He said meeting the original goals of the garden are very dependent upon hiring a farm manager. Such should know in early October whether or not the Sierra Health Foundation grant comes through.

“I need somebody to oversee the situation, because if I just left it as is, then I could have people out there doing things they shouldn’t be doing,” he said. “And I’m very careful with the sensibilities of the neighbors. It has been a priority to make sure they are happy with what we are doing.”

Bill Such.

Photo by Tom Gascoyne

There is an existing neighborhood garden right next to the Jesus Center’s plot of land, and earlier this year a woman working in that garden said she welcomed the Jesus Center’s presence. Such said there have been no problems reported or complaints voiced by neighbors up to this point, but that there has been some unauthorized harvesting by those not connected to the Jesus Center.

“We’ve had one or two neighbors take advantage of it by taking some of the produce, but that’s OK,” Such said. “Some of the stuff’s been picked by people just coming by and taking it. We don’t mind at this point, because we are pleased with what we’ve got so far and we want to develop it.”

At this point, he said, the produce that has been harvested by the Jesus Center is being used in a “spasmodic way.”

“We give away what we can’t use on a daily basis before it goes bad,” he said. “We are using it in the kitchen for whatever the kitchen manager is cooking that day. We’ve been able to do that on a small basis, but it is nothing like we have planned.”

Developing the garden to its fullest potential is a slow process, he said, and hiring a farm manager is vital to its success. But he does have another idea if the grant falls through.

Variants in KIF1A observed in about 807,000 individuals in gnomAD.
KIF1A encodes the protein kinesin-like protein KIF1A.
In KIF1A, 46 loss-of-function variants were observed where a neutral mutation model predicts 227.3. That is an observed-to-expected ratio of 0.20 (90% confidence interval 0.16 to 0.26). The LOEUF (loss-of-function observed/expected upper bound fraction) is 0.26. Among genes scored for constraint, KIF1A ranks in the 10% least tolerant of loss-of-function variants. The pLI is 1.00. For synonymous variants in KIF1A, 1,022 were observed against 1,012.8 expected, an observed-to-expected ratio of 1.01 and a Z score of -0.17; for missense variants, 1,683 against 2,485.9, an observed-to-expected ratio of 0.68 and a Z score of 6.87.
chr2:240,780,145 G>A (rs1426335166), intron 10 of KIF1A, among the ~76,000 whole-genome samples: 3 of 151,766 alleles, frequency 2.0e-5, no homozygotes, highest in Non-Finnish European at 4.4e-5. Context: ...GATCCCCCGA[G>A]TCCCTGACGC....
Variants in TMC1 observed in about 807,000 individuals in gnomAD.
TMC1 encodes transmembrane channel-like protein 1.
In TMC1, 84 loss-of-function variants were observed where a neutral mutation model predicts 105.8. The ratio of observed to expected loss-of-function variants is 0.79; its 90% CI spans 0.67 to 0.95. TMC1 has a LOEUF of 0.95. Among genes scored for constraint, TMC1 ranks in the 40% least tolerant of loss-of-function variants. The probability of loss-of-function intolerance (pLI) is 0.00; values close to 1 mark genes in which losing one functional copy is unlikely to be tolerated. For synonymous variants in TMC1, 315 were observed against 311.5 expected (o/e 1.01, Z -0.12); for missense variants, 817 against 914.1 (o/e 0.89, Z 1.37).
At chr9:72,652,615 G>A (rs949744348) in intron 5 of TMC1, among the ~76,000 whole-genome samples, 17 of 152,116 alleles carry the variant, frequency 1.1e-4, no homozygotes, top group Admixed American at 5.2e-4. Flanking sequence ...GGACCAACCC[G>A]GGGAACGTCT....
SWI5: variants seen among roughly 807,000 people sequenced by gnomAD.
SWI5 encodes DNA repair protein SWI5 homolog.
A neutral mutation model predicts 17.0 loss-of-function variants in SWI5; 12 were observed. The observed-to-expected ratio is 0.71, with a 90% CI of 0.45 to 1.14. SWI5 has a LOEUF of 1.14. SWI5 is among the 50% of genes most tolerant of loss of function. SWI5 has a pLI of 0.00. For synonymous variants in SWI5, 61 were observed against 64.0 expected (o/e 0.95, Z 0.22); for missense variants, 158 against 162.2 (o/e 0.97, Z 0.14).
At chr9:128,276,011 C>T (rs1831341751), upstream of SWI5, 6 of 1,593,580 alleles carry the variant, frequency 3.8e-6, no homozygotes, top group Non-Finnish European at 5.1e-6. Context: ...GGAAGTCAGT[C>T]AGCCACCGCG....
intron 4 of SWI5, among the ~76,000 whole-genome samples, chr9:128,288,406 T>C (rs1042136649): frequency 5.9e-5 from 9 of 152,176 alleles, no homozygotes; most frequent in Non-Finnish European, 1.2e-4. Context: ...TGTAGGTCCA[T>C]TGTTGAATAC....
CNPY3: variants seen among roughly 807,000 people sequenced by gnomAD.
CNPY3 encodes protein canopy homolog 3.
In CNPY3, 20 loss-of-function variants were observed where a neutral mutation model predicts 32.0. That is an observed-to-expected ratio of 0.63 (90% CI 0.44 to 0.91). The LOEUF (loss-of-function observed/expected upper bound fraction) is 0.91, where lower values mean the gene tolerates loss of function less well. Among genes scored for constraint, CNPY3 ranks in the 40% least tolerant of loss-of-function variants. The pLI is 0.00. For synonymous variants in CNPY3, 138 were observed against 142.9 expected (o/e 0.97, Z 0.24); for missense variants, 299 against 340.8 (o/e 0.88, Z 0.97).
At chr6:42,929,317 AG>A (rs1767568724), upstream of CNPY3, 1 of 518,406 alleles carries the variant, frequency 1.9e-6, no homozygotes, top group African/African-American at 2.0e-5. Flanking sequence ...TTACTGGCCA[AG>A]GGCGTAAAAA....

He said he knows of former Jesus Center clients who have gone on to attend Butte College and taken agriculture-related classes.

“Two of them have gone into vineyard agriculture or learned how to operate tractors,” Such said. “I’m thinking of approaching them to see if they would be interested in managing that area. Of course, it would have to be for free.”

He said there must also be an incentive to get folks from the Jesus Center to volunteer their time in the garden.

“We have to provide a carrot,” he said. “You can’t just say to somebody, ‘Well, OK, if you go out there and do this for six months even though you have no job and no income, we think we can someday get you a job in the seasonal agricultural industry.’ We need to be providing something to them as an incentive to actually do the work.”

Such mentioned the recent help from the Chico Association of Realtors in assisting the Jesus Center secure a home called the Transitional House of Hope for women trying to break free of homelessness.

“It would be great if we had a professional organization that could help us get a men’s transitional house,” he said. “Then we could give people a carrot and say, ‘You can stay in this house and you can work for six months in the field, and then that will prepare you for a job in the ag industry.’

“At this point I need more of an incentive than just saying, ‘I’ll bring you pizza out there, I’ll bring you an extra lunch,’ and so forth. That’s not working.”

Such holds out hope for the garden’s future.

“I think it’s going to go forward,” he said, “but I think it’s going to be a slow process.”